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Wireless Gigabit 60GHz spec delivers 1-7Gbit/s

Posted: 14 Dec 2009 ?? ?Print Version ?Bookmark and Share

Keywords:60GHz spectrum? Wi-Fi? HDMI?

The Wireless Gigabit Alliance (WiGig) previewed its specification for 60GHz links capable of sending data at rates of 1-7Gbit/s. The ad hoc group includes top Wi-Fi chipmakers aiming to address a wide variety of computer and consumer applications.

Analysts praised the effort for its ambitious aims that include supporting wireless versions of HDMI, DisplayPort, PCIe and USB using protocol adaption layers (PALs). But they noted the approach has challenges in its range, time-to-market and a still undefined link to existing Wi-Fi standards groups.

The spec is under review by the more than 20 members of the group formed in May 2009, who are expected to ratify it before April. However, products based on it are not expected to ship until 2011 when interoperability tests and certifications labs are in place.

Startup SiBeam has had 60GHz chips available for more than a year for the competing technology specified by the WirelessHD group and based on the IEEE 802.15.3c standard. However, the chips are relatively costly, high in power consumption and only aim at wireless HDMI replacement in TVs and STBs.

Earlier this week, the WHDI Consortium announced it has completed a spec for a second generation of the 5GHz technology from startup Amimon for wireless video. Separately, several companies are implementing versions of the current 802.11n spec with multiple antennas to target similar uses.

"I think it's more likely that the 60GHz band will transmit an in-room signal around the consumer electronics cluster [in the living room], while .11n will provide whole-home coverage," said Brian O'Rourke, a principal analyst for In-Stat.

The WiGig effort is "a complicated and bold move," he said. "Multiple PALs adds complexity to a system, which increases the chances of problems," he added.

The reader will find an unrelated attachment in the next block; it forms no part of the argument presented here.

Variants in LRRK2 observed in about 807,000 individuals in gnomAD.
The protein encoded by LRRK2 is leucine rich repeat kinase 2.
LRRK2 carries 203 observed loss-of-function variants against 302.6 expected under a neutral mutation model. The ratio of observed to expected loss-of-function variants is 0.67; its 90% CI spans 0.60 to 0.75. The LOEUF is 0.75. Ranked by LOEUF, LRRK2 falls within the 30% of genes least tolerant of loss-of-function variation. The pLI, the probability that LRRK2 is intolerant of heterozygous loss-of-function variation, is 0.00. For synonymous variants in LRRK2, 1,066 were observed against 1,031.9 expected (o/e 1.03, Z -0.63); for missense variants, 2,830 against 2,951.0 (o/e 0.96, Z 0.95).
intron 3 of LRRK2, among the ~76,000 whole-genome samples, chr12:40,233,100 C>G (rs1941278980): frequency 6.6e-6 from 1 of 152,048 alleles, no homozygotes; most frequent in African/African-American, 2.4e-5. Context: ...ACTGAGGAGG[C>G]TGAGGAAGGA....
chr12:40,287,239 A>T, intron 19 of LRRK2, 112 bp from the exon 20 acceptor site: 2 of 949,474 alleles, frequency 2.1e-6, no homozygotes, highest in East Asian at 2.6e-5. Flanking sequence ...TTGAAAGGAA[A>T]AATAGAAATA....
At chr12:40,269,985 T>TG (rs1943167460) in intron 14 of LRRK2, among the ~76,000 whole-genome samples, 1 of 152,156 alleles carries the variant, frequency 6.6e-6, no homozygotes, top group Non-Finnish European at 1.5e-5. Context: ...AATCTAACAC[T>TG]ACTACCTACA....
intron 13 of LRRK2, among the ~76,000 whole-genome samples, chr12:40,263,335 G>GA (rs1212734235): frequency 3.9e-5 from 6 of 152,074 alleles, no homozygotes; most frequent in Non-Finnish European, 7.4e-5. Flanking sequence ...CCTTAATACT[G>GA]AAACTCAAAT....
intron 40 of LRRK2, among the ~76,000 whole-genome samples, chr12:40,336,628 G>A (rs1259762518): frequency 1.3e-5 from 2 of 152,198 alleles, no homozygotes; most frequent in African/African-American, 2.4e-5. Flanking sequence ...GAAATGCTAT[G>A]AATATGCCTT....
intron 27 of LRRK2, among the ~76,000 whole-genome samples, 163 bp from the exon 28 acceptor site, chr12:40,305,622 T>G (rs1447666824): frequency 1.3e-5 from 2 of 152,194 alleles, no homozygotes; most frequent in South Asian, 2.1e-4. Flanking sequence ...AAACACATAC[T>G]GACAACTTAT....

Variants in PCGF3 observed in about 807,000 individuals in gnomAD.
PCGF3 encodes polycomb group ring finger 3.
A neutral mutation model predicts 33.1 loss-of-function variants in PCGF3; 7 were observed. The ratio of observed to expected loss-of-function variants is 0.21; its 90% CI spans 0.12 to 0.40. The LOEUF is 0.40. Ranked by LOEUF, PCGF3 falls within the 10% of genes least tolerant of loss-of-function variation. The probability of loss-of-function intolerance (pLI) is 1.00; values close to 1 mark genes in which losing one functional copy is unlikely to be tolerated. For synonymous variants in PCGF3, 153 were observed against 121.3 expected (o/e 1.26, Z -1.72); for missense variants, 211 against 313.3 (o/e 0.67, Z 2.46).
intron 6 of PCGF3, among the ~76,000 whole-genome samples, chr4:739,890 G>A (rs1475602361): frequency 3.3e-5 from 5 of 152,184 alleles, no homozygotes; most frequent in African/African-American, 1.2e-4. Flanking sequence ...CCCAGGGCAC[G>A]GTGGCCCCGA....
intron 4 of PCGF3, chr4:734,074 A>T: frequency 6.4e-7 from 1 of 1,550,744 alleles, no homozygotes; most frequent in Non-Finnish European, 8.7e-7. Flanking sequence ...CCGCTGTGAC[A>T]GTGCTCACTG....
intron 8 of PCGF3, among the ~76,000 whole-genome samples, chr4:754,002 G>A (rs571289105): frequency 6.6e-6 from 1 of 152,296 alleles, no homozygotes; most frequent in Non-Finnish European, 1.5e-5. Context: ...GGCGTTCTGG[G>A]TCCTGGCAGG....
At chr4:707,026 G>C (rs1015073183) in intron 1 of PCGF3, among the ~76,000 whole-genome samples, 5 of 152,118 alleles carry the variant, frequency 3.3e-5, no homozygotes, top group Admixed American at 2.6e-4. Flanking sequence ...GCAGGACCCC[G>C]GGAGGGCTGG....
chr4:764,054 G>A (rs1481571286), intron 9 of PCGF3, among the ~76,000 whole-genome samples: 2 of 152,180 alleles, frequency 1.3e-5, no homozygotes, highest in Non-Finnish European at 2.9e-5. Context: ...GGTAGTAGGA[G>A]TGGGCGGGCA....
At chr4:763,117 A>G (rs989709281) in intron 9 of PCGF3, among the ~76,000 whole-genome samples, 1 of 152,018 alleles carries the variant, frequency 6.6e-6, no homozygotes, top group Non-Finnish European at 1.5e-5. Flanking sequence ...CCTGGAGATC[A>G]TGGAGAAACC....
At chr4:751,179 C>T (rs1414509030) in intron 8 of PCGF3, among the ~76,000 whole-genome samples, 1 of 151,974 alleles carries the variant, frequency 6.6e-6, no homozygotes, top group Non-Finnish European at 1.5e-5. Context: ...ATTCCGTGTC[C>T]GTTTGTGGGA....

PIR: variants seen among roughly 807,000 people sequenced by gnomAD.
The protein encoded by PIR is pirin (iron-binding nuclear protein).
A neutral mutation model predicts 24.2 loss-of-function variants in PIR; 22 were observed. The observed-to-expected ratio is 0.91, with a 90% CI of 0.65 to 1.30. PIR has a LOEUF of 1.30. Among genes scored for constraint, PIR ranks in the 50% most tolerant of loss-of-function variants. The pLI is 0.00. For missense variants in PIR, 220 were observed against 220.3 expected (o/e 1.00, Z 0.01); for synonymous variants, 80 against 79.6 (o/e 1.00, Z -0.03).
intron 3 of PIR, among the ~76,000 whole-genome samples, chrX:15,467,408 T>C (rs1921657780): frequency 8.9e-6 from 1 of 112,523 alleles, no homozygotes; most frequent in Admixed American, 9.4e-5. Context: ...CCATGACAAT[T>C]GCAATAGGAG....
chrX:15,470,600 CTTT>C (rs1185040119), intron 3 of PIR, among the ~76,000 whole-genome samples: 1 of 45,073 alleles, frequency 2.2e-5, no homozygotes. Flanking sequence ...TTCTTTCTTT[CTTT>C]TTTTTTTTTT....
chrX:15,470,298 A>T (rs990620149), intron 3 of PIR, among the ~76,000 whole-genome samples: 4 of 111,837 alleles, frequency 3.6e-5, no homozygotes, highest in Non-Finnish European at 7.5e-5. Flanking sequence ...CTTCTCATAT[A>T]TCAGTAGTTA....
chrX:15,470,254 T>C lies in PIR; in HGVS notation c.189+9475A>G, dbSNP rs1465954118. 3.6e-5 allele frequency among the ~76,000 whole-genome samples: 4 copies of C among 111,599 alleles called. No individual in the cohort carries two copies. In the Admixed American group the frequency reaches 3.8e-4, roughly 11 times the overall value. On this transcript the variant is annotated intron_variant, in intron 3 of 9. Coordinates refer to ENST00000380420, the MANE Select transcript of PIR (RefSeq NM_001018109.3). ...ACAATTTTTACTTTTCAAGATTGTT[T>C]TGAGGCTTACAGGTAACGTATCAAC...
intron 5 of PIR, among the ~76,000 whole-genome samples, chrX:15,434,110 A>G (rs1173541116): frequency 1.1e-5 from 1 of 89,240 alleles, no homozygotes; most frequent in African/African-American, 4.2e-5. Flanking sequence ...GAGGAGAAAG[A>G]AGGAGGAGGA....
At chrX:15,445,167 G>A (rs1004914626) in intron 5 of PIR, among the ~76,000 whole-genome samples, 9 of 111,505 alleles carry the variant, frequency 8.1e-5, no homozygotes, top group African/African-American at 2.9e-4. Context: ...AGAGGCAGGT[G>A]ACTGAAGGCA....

Not a general purpose spec
The WiGig spec is being written as an extension to the IEEE 802.11 standard. However, the group so far has no formal link to the Wi-Fi Alliance or the 802.11ad group still in an early phase of setting a formal 60GHz standard.

The spec defines the 60GHz PHY and a media access controller optimized for that band. It also describes techniques for beam forming, similar to those used by the WirelessHD group, enabling links over distances up to 10m.

The WiGig approach includes a range of existing modulation and coding schemes that cover data rates spanning 1-7Gbit/s. All links are required to default to a minimum Gbit/s capability suitable for handheld devices, however they can each build on additional features for higher levels of performance.

"This is a key differentiator of our specit's like layers of onion," said Mark Grodzinsky, who chairs the WiGig marketing group and is vice president of marketing at Wilocity.

"When we were formed it was with the consensus there wasn't a general purpose 60GHz standard that would be useful for multiple apps from handheld devices to set tops, TVs and PCs," said Ali Sadri, president of the WiGig Alliance and a director of short-range wireless standards at Intel.

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